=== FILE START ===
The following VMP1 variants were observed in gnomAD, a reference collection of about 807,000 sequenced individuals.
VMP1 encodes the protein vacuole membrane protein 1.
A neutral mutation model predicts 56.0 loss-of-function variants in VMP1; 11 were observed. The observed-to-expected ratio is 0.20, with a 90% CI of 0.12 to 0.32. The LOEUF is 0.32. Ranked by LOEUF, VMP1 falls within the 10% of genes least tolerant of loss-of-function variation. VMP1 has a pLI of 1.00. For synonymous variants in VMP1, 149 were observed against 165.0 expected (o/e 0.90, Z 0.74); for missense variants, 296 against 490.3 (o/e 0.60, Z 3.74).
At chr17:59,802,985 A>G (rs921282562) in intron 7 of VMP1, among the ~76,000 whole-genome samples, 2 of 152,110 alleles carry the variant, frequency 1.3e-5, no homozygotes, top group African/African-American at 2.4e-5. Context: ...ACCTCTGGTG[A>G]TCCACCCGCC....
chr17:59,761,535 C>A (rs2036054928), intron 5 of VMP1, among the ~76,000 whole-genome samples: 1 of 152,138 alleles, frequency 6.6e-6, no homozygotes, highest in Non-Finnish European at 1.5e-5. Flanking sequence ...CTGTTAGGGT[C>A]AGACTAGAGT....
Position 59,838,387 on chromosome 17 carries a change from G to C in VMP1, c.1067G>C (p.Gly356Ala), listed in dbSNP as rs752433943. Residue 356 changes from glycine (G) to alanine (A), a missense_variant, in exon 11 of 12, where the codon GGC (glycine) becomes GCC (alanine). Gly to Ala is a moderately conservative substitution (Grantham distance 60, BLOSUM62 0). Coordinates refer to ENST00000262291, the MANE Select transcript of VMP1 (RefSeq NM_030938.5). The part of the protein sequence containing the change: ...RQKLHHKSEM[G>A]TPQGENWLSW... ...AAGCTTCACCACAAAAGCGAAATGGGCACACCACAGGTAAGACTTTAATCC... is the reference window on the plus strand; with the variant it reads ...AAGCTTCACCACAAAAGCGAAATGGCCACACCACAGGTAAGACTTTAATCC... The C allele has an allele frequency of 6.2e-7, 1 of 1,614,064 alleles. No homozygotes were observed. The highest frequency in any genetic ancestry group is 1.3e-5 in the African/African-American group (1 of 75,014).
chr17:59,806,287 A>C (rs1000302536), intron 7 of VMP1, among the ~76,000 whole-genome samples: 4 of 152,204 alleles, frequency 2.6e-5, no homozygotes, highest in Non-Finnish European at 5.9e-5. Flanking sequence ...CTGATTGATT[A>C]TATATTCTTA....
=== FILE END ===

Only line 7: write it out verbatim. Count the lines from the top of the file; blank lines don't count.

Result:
chr17:59,806,287 A>C (rs1000302536), intron 7 of VMP1, among the ~76,000 whole-genome samples: 4 of 152,204 alleles, frequency 2.6e-5, no homozygotes, highest in Non-Finnish European at 5.9e-5. Flanking sequence ...CTGATTGATT[A>C]TATATTCTTA....